In September 2019, the World Anti-Doping Agency (WADA) published the 2020 List of Prohibited Substances and Methods (List), the 2020 Summary of Major Modifications and Explanatory Notes and the 2020 Monitoring Program. The List, which was approved by WADA’s Executive Committee on 23 September 2019, will come into force on 1 January 2020.
The List designates which substances and methods are prohibited, both in and out of competition, and which substances are banned in specific sports.
“WADA is pleased to announce the publication of the 2020 Prohibited List,” said WADA Director General Olivier Niggli. “Updated annually, the List undergoes an extensive consultation period with a wide array of anti-doping stakeholders from around the globe. This is a very comprehensive process which aims to ensure that new substances and methods with doping potential – which are either currently on the market or in some cases still in clinical development – are included in the List. This helps us to protect not only the integrity of sport, but the health of athletes worldwide.”
The List’s annual revision process is carried out by WADA. For a substance or method to be added to the List, it must meet two of the following three criteria: it has the potential to enhance or enhances sports performance; it represents an actual or potential health risk to the athletes; or it violates the spirit of sport.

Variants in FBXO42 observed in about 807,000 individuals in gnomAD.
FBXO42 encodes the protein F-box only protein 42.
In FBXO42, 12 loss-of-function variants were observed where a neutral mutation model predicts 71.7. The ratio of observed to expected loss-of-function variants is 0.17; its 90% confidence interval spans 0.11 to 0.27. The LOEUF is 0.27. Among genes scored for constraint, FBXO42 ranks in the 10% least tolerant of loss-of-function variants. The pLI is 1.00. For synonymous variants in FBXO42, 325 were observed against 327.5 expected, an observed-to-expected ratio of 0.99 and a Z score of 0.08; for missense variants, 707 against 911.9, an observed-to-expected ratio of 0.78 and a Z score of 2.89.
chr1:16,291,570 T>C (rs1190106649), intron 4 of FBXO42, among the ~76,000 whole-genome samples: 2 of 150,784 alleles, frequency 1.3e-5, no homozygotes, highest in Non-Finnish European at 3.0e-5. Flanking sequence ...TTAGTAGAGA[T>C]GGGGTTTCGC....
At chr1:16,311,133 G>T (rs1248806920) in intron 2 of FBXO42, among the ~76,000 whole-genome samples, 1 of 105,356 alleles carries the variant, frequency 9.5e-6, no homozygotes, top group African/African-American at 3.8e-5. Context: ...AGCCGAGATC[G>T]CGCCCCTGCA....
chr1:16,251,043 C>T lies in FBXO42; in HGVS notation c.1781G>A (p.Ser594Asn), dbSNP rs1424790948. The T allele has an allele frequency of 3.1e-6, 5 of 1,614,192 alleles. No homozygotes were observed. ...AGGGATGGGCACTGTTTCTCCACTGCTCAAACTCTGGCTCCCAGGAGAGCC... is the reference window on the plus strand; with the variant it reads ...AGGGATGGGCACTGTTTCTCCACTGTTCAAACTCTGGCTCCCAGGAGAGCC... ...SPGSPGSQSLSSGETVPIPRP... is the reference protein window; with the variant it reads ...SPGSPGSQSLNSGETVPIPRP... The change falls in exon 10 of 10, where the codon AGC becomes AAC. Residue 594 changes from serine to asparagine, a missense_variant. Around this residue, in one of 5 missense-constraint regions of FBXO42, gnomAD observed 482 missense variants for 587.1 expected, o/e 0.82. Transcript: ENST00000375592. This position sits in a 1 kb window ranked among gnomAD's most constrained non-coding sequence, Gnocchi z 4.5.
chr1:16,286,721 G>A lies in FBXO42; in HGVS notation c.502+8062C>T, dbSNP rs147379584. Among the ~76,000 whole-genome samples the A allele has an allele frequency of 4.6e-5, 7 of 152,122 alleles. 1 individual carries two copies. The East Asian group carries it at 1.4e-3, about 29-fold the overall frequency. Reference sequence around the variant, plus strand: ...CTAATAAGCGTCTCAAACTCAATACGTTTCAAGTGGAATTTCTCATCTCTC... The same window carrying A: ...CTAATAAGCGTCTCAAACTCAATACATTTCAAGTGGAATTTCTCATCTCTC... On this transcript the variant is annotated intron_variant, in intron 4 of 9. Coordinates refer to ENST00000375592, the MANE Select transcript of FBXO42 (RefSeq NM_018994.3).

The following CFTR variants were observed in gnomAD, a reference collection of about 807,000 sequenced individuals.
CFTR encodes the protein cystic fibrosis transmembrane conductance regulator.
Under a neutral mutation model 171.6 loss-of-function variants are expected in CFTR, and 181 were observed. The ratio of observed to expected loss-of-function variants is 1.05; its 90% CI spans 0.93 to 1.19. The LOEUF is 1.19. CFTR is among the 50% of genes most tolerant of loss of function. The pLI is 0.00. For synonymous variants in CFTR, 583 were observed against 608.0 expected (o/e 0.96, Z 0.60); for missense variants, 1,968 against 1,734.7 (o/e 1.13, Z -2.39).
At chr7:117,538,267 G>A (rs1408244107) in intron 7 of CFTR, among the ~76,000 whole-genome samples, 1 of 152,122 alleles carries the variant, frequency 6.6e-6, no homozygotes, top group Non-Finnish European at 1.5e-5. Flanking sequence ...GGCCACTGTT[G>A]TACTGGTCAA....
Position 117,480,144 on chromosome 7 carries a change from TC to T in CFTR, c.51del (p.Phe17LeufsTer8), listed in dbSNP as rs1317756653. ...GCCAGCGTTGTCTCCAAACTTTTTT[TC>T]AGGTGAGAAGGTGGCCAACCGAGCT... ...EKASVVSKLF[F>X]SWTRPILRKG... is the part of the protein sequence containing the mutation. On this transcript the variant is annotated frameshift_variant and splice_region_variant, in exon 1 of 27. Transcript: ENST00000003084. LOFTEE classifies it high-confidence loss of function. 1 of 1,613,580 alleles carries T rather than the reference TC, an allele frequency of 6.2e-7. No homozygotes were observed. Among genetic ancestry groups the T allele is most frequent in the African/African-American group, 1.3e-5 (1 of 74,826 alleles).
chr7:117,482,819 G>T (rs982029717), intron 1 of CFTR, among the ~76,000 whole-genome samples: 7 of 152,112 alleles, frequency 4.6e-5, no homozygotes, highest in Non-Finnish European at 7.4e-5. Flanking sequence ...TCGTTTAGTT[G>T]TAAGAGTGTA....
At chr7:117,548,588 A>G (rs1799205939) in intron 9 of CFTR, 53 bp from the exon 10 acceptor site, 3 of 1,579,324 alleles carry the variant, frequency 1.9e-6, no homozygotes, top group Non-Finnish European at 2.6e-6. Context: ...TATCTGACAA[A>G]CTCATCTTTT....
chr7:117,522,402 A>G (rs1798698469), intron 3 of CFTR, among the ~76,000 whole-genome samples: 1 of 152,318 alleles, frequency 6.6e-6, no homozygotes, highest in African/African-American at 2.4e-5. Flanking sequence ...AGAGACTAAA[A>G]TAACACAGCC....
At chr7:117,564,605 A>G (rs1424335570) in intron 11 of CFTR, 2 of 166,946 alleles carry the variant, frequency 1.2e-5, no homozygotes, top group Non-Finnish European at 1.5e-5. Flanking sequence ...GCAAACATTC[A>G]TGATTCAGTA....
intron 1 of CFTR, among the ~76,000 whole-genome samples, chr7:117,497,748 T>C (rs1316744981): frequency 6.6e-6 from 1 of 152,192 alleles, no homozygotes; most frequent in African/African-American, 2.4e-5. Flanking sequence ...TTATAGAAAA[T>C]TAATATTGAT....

Athletes are responsible for the substances that enter their bodies and the methods included in the List. They and their entourages can be held liable in the event of an anti-doping rule violation and subjected to disciplinary proceedings. As a result, WADA publishes the List in sufficient time so that athletes and their entourages can acquaint themselves with any modifications and take all measures that may be required to ensure compliance with WADA’s and FIFA’s regulations.
It should be noted that athletes who have a legitimate medical reason for using a prohibited substance or method that is on the List may be accommodated if they meet the criteria outlined in the International Standard for Therapeutic Use Exemptions (ISTUE). The TUE process has been overwhelmingly accepted by athletes, doctors and anti-doping stakeholders worldwide.
To view the changes made to the 2020 Prohibited List compared to the 2019 version, please see the 2020 Summary of Major Modifications and Explanatory Notes.